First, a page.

By Spencer Hunt
Henry Langlois was one of 38 soldiers who were told in 1955 that they were serving their country when they volunteered to inhale a biological agent that the government was testing.
A year later, inmates at the Ohio Penitentiary were told they were serving society when they volunteered to let researchers inject them with live cancer cells.
The Presidential Commission for the Study of Bioethical Issues met last week to discuss “human subjects protection” after the government apologized in October for a 1940s-era experiment. In the research, Guatemalan soldiers, prisoners and mental patients were infected with syphilis to test penicillin treatments.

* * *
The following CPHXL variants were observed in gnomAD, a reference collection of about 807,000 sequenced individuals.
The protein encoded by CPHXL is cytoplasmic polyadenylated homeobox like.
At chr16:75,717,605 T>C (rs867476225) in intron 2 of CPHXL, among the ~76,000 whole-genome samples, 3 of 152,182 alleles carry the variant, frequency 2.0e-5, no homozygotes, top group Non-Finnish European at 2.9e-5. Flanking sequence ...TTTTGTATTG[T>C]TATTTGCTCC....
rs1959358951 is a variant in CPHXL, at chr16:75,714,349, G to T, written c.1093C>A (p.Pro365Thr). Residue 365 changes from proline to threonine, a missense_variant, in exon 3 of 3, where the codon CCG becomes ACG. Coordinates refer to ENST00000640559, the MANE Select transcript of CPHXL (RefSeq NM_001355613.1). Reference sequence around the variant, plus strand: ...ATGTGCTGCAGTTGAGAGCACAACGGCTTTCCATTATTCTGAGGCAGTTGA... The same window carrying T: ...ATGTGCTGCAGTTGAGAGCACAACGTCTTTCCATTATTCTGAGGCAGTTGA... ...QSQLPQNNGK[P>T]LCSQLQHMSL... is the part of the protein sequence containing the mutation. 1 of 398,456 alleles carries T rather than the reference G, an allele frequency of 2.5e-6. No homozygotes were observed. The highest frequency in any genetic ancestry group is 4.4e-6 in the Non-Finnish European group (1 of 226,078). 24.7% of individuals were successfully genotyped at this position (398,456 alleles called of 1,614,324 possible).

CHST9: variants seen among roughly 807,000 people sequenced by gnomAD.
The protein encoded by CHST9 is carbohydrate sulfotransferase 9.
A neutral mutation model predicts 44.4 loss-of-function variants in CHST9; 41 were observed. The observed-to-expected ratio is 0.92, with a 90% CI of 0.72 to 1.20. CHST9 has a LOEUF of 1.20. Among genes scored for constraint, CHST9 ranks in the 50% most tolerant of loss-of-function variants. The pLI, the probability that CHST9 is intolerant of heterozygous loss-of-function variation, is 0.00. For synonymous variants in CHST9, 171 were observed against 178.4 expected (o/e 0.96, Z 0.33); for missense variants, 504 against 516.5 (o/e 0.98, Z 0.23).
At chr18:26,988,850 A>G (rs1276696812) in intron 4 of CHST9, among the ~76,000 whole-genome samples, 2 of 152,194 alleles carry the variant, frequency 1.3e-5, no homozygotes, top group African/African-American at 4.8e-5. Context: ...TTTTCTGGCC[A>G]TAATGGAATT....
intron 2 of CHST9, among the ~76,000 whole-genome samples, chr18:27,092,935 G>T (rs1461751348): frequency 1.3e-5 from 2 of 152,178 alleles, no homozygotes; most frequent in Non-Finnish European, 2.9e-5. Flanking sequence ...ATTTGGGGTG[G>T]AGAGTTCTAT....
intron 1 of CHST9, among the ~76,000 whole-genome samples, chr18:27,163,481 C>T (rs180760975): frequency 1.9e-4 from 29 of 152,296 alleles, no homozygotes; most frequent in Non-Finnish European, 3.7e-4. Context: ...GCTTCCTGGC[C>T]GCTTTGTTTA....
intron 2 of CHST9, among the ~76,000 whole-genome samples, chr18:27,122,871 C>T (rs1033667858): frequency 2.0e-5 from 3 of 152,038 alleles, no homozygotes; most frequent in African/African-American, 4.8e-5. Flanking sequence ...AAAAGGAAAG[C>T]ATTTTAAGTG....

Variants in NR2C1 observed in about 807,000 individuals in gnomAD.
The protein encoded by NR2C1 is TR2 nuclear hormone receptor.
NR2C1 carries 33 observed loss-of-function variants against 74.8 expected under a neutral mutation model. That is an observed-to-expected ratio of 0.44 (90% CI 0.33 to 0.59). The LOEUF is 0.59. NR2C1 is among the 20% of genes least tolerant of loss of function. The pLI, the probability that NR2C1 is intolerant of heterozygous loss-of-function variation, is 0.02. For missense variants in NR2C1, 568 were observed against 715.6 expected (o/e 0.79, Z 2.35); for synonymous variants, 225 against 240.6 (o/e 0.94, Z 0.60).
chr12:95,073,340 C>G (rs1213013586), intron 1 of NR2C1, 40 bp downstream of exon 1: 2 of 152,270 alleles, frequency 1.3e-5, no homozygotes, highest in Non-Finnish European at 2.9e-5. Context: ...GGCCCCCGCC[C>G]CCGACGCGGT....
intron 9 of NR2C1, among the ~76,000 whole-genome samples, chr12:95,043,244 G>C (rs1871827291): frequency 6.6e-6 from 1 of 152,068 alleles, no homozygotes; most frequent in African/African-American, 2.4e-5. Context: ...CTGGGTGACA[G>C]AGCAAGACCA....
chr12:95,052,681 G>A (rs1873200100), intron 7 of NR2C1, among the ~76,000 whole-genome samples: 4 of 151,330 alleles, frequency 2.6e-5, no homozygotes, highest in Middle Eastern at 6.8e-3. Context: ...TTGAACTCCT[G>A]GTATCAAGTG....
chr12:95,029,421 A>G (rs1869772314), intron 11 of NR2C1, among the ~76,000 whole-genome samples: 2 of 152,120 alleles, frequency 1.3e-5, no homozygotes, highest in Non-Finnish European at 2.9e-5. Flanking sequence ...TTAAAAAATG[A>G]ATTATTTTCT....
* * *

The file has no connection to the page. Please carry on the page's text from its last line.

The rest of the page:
In the 1960s and 1970s, 15,000 Marines were told the same thing when Ohio State University scientists tested a pneumonia vaccine on them.
These and other government-funded experiments on military personnel, prisoners and mental patients are driving an investigation into the rules that are meant to protect people who volunteer for scientific studies.
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